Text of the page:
Notes about the recipe: I actually made and photographed this tahini banana bread over Labor Day (that's the first weekend of September, for those of you non-Americans on here) and took it to two potlucks that weekend. Not to brag or anything, but multiple people from both gatherings asked me for the recipe. (Yeah okay I am totally bragging. But also trying to convince you that this banana bread is 100% worth making.) It's completely whole grain, has an atypical depth of flavor from the buckwheat, almond meal and tahini, and is made with relatively little sugar for a sweet bread. Win-win-win. Did I mention it's ridiculously delicious?
Black Sesame Tahini Banana Bread
Makes one 9"x5" loaf or two mini loaves
Adapted from A Cozy Kitchen
1 cup white whole wheat flour (or spelt or regular whole wheat if you can't find the white varietal)
1/4 cup almond meal
1/4 cup buckwheat flour
2 Tbsp. black sesame seeds (or brown), plus more for sprinkling
3/4 tsp. sea salt
1 tsp. baking soda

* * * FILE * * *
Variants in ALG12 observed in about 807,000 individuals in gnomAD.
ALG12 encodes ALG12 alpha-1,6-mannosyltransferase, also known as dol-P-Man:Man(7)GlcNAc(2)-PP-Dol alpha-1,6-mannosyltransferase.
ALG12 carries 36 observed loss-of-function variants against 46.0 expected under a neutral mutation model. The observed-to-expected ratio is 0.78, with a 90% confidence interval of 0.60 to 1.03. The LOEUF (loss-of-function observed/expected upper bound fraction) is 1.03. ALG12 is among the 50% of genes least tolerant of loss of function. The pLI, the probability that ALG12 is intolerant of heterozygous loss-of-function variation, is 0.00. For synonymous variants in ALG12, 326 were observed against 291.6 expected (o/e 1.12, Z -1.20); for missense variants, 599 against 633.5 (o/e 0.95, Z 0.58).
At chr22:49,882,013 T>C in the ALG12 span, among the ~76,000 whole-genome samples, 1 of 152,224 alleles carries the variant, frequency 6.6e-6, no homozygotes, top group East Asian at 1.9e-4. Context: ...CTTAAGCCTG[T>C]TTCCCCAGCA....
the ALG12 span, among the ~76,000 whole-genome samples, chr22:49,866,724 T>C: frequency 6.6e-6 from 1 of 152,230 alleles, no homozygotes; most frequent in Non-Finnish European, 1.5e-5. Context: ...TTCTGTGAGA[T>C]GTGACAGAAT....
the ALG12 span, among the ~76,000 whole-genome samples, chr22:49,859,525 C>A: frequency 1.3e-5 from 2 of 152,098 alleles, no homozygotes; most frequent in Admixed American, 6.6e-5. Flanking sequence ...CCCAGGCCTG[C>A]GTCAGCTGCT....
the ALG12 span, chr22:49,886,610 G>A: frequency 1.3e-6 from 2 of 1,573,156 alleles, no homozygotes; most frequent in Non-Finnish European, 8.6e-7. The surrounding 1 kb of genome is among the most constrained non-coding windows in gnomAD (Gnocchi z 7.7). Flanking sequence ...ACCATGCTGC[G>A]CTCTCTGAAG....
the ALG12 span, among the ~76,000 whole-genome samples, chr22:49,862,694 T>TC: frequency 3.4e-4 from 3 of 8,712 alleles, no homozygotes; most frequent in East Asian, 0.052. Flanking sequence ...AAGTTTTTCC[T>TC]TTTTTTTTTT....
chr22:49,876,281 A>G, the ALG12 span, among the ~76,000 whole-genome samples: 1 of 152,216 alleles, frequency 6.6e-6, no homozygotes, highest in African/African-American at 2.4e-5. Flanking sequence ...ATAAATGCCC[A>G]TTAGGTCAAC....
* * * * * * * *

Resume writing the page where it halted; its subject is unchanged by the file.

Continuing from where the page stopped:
1/3 cup coconut oil, melted
1/4 cup muscovado sugar (unrefined brown sugar)
1/4 cup raw cane sugar
1 tsp. vanilla extract
3 Tbsp. tahini
4 ripe bananas, 3 mashed & 1 sliced lengthwise
1. Preheat oven to 350°F. Grease and line a loaf pan with parchment. Set aside.
2. Mix flours, sesame seeds, salt and baking soda in a bowl. Set aside.
3. In a separate medium bowl, mix coconut oil and sugars together until the sugar begins to dissolve. Whisk in egg and vanilla extract until mixture is smooth and thickened.
4. Add tahini and the mashed bananas to the wet ingredients. Stir until thoroughly incorporated.
5. Pour the dry ingredients into the wet. Gently stir together until just combined (it's okay if the batter is a bit lumpy).
6. Pour batter into prepared loaf pan. Sprinkle additional sesame seeds on top, then place the two long slices of banana on top, cut side face up. Push them down into the batter so they settle a bit.
7. Set pan on baking sheet (it's easier to pull out of the oven this way). Bake until a toothpick inserted in the center comes out clean, about an hour.